And when you served more than 300 people in a day and you have been trying to be patient the best you can, it weakens your resolve and you become conflicted. Empathy gets in the way of implementing the guidelines. And when clients become too insistent, I become the “ugly” that I’ve been trying hard to avoid all day.

And then I would go home with a broken heart because of an incident of losing my temper.

How can we stop treating one another like enemies?

This is my final appeal to the people we serve. During this time of the pandemic, what we badly needed is not a vaccine but compassion. May you have compassion for your health workers and frontliners. We don’t ask for recognition or the hero status, we only asked for your compassion.

May you be willing to listen to us and to excuse us when emotion gets in our way when serving you. May compassion become your motivation to go through the stringent and difficult processes installed in the City right now. May compassion become your strength to endure some more.

As for myself, I ask forgiveness to the Lord. I ask that may clients find it in their hearts to forgive me for being hard on them. I apologize today for every person affected by the guidelines we try so hard to implement. I apologize to those who have been disappointed or angered by my actions or words. 

But the truth is, forgiving myself is the hardest. And so today, I tell myself to let go a bit.

For my fellow public health workers and frontliners who find themselves crying or tired when they go home, let me remind you of the following:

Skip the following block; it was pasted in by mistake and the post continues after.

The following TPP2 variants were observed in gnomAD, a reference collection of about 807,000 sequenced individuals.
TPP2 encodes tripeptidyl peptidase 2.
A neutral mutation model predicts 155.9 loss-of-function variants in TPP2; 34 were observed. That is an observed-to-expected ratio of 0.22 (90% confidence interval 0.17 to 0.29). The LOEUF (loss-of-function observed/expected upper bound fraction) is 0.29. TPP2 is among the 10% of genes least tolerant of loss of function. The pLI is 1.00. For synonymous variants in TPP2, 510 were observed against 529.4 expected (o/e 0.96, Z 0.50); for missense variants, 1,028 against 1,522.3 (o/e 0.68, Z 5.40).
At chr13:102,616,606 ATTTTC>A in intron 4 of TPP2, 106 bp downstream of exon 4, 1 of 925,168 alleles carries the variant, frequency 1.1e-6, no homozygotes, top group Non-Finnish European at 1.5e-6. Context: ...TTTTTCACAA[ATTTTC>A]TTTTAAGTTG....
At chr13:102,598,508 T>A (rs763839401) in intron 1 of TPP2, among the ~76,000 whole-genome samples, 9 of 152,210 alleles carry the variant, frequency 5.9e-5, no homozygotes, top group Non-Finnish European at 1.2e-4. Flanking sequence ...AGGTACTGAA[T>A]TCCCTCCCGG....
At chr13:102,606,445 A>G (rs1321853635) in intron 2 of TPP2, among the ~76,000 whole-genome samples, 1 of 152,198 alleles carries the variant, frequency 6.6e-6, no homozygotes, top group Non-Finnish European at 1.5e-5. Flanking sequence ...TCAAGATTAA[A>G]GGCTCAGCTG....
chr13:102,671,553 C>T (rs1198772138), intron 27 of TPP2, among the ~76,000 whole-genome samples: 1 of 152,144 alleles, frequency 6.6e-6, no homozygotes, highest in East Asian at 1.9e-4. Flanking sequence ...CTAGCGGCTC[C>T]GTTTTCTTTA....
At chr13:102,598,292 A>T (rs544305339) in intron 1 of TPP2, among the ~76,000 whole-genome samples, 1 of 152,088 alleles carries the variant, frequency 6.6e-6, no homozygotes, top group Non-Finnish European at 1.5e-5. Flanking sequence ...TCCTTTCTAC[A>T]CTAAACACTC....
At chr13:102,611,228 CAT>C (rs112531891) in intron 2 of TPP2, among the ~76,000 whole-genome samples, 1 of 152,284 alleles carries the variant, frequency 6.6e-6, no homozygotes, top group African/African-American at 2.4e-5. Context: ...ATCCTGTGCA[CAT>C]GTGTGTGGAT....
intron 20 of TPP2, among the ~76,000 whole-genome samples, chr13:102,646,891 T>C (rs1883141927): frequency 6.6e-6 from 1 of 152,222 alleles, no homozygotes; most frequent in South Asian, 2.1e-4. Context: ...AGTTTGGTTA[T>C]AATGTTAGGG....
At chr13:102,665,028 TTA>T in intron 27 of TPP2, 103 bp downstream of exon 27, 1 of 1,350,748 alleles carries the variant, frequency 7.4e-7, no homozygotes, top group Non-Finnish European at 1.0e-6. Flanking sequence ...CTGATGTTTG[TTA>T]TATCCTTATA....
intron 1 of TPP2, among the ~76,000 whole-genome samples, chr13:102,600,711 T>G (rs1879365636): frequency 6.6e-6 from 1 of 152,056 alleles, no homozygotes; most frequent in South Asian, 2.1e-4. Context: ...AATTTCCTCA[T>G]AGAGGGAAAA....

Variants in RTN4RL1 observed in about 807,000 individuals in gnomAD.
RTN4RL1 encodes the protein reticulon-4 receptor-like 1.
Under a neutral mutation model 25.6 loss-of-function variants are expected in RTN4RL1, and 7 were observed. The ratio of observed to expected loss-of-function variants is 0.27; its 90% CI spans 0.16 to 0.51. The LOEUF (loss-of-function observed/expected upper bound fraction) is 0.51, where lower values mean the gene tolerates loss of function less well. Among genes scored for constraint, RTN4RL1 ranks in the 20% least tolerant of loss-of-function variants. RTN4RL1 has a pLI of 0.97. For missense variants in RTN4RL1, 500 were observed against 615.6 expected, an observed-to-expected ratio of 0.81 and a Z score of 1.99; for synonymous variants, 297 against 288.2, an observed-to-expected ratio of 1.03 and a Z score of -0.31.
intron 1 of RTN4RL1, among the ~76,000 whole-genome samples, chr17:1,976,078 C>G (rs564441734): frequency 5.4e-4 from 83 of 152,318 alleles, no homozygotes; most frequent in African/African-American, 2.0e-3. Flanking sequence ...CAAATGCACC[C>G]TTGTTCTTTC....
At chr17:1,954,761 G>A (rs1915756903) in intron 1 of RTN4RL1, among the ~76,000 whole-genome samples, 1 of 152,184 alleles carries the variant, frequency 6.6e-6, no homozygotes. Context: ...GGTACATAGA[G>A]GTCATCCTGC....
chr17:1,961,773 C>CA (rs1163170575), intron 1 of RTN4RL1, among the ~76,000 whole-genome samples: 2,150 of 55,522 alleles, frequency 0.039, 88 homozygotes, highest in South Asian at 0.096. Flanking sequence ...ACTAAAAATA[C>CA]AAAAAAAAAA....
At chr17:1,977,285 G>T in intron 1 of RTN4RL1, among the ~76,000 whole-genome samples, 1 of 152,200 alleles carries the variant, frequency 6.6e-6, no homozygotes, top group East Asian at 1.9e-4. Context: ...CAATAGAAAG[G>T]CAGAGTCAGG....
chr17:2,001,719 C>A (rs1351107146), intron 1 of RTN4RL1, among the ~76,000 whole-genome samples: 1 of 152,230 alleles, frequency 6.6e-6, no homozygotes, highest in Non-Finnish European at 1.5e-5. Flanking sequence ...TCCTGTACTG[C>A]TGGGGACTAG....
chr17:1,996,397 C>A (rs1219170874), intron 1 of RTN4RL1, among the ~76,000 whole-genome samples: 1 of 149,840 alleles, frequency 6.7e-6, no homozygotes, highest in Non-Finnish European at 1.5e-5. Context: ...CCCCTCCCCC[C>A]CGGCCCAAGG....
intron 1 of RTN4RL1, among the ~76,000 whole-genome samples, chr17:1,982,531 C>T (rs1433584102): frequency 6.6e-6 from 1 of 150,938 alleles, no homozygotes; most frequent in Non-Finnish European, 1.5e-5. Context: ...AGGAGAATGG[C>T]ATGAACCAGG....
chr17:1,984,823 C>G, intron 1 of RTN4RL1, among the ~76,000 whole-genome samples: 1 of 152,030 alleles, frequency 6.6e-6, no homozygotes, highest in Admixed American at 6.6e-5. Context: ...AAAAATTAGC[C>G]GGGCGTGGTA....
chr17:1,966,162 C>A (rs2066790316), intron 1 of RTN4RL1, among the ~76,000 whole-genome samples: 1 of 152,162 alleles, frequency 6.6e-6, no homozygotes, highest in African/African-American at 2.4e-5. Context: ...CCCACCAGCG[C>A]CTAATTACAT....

– Let go on being too hard on yourself. It is not your fight alone. We can only do so much and influence so little. But know that your work and your influence is enough.

– Forgive yourself when you disappoint others. You are in the right place and more people appreciate the labor you put in this cause.

– Forgive others. Frustration is normal and not intentional. Garbage is meant to be thrown but no one should bring home the garbage of others.

– You are kind. But you are not perfect. Everybody can get caught with emotion especially when you give your best. Pat your shoulders instead because you give your best and show up every day.

– Above all, pray that God will fill your heart and your mind with love that nothing can break His purpose for you during this time of hardship. As it is said:

1 Peter 4:7-10

The end of all things is at hand; therefore, be self-controlled and sober-minded for the sake of your prayers.Above all, keep loving one another earnestly, since love covers a multitude of sins. Show hospitality to one another without grumbling. As each has received a gift, use it to serve one another, as good stewards of God’s varied grace.

I know it is always easier said than done, and it is the very reason I chose to become vulnerable in this post. To show that we are all affected during this time. And so, allow me to wish everyone “kasiyana” in my best Cordillerian vernacular.